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Redwood Forest Foundation

As printed in the
RFFI Fall 2009 Newsletter

Redwood Transect

by Michael Fay
National Geographic Explorer-in-Residence and
Wildlife Conservation Society conservationist

No human who has ever seen the giant redwoods, not the least those who cut them, has not stood in awe of their greatness. This is one of the reasons I decided to walk the entire length of their range from the southernmost redwood tree known to exist today to the northernmost tree, a distance of some 700 miles and taking over a year.

Lindsey Holm and Mike Fay, photo by Robert Ballard
Lindsey Holm and Mike Fay
Photo by Robert Ballard

Along the way, independent researcher Lindsey Holm and I collected data critical to understanding the ecology, history and current state of the redwood forest. We hoped that our transect would connect a community of people from all walks of life: practioners, landowners, scientists and advocates to contribute information about the current status of the redwood forest. My ultimate goal was always to challenge redwood communities and all involved in their future and management to develop sustainable ways to use and appreciate America's redwoods.

My transect, which will be featured in the upcoming October issue of National Geographic Magazine, and in the documentary, "EXPLORER: Climbing Redwood Giants," is not the first involvement of the Society with this extraordinary landscape.

Tune In
"Climbing Redwood Giants"

National Geographic EXPLORER
Tuesday, September 29 at 10PM
Climbing Redwood Giants, on National Geographic EXPLORER

The Society's first article on Redwoods appeared in 1899. At that time the author Henry Gannett, a USGS scientist, focused on examining the inventory, which he estimated to be at 75 billion board feet and at the rate of use, believed that much of it would be gone in 50 years.

A second trip to the region in 1917 became pivotal in igniting interest in saving this unique forest. The Society's resulting article "Saving the Redwoods," was published in June 1920 and made an impassioned plea to the public to ask government representatives to set these lands aside as a national park. This article, coupled with the tireless efforts of the newly incorporated Save-the-Redwoods League, is largely responsible for the founding of many state parks and reserves in California. In 1964 National Geographic focused on the Redwood Region again, this time looking closely at Redwood Creek, the finding of the tallest tree on earth and on the creation of Redwood National Park.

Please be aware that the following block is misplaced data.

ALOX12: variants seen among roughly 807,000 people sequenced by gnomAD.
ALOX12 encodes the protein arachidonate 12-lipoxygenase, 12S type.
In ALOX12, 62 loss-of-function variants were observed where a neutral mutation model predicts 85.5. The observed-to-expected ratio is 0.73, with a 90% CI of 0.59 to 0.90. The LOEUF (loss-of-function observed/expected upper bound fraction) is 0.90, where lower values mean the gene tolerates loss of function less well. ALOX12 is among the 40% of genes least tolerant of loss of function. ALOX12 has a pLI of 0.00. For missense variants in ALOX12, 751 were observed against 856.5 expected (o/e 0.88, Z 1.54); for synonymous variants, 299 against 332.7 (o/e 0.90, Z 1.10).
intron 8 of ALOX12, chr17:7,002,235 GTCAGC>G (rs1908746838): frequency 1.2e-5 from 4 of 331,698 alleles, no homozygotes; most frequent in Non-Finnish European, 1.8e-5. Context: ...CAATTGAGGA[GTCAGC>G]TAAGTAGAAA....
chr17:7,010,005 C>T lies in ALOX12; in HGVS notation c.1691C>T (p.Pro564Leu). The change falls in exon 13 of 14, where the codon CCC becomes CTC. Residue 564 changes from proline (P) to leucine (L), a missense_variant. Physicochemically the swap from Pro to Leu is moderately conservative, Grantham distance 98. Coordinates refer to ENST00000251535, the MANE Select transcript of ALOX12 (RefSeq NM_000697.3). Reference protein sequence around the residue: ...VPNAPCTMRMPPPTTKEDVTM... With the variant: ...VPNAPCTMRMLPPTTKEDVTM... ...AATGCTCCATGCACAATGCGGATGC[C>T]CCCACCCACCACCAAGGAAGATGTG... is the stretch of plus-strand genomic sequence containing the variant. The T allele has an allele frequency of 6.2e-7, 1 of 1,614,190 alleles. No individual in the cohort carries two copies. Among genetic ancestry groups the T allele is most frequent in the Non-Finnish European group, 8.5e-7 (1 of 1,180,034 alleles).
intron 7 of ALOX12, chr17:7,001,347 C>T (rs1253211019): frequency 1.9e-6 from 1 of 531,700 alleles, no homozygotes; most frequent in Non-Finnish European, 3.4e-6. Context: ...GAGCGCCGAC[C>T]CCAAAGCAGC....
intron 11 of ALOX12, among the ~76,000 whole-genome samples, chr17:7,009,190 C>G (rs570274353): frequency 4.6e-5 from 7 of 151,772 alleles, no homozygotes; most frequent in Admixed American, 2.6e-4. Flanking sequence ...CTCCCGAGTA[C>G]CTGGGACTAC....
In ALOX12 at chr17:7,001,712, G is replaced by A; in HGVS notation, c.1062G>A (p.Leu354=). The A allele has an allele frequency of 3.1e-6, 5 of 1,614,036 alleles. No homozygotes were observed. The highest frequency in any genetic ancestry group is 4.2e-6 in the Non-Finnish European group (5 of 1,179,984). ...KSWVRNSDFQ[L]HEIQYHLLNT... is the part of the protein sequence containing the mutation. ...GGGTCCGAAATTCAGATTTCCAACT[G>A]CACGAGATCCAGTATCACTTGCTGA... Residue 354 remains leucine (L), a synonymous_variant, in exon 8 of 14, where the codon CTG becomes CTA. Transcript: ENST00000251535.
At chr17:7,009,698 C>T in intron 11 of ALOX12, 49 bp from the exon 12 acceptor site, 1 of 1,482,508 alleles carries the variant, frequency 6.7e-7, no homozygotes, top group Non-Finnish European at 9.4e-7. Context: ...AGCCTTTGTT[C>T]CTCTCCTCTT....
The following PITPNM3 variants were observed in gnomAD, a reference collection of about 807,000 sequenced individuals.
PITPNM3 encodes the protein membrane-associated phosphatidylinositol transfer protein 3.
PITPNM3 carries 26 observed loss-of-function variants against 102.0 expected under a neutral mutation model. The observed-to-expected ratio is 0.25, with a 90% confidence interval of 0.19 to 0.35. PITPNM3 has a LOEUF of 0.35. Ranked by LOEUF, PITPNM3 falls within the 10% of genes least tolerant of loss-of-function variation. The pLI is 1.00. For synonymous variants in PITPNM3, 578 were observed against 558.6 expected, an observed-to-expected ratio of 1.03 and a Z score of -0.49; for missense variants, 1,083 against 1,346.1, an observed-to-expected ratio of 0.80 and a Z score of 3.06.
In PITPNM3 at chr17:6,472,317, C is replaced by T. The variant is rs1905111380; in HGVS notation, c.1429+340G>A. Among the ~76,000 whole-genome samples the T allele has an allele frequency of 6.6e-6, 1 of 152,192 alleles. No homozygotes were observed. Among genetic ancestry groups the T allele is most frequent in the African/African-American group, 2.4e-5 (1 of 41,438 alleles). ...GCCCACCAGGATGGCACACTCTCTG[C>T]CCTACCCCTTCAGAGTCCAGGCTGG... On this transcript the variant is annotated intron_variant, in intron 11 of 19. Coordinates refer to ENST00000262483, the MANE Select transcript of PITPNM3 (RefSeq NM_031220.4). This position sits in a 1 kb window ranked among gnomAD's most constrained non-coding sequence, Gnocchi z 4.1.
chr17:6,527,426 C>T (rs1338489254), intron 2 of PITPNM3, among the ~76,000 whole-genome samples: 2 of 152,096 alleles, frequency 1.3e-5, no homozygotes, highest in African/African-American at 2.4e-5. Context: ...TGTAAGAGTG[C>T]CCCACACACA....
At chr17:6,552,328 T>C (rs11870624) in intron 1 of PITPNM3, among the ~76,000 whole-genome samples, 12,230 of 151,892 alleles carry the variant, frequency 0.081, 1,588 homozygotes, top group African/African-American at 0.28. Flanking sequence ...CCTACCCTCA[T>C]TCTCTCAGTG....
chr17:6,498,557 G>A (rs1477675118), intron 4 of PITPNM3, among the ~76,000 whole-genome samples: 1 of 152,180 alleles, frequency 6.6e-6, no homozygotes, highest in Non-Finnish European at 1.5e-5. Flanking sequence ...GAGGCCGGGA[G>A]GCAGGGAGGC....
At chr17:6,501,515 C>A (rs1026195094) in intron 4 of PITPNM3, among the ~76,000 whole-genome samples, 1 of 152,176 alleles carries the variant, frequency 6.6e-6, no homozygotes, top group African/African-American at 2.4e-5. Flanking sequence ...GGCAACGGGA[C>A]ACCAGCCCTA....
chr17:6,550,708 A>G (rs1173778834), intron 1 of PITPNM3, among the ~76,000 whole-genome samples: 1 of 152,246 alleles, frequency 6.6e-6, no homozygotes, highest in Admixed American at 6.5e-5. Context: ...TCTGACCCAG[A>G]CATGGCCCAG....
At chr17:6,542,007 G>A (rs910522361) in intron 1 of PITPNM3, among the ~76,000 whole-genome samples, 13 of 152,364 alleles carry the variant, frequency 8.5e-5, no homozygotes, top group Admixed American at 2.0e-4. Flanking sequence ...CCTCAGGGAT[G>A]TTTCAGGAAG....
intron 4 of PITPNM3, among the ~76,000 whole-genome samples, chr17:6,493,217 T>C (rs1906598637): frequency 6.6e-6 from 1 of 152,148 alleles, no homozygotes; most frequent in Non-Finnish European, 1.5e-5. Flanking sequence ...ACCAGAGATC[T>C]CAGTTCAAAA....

But this is a different era. Almost 40 years have passed: 40 years of intense timbering, settlement and road building. 95 percent of the original forest has been cut. Our transect documents, first-hand, the enormous damage of past uses, decline in forest productivity and ecosystem function. These losses are directly felt by landowners, local residents and the State of California and are seen in fisheries declines, stream sedimentation and regional economic difficulties today. But we also see many reasons for hope.

Mike Fay, Photo by Michael Christopher Brown/National Geographic
Mike Fay, Photo by Michael Christopher Brown/National Geographic

Through innovations in practices and regulation, both of which California are known for, a new reality of forest management is developing. Private landowners along with regulators and local people are working together in a process of restoration and a new, innovative kind of management. This process is not just about restoring and protecting ecosystems and ecosystem values but bringing full productivity back to these forests. It is a process that integrates quality wood production with local people, regulation, restoration and brings long-term monetization of ecosystem assets into the equation.

Our hope is that by focusing on the redwood and using this global symbol that represents everything that is powerful, grand and resilient in nature, by employing the power of thousands of people using our virtual crystal ball, and with leadership of a bold few, people will move to act and change the course of history globally and locally.


Return to
Fall 2009 Newsletter
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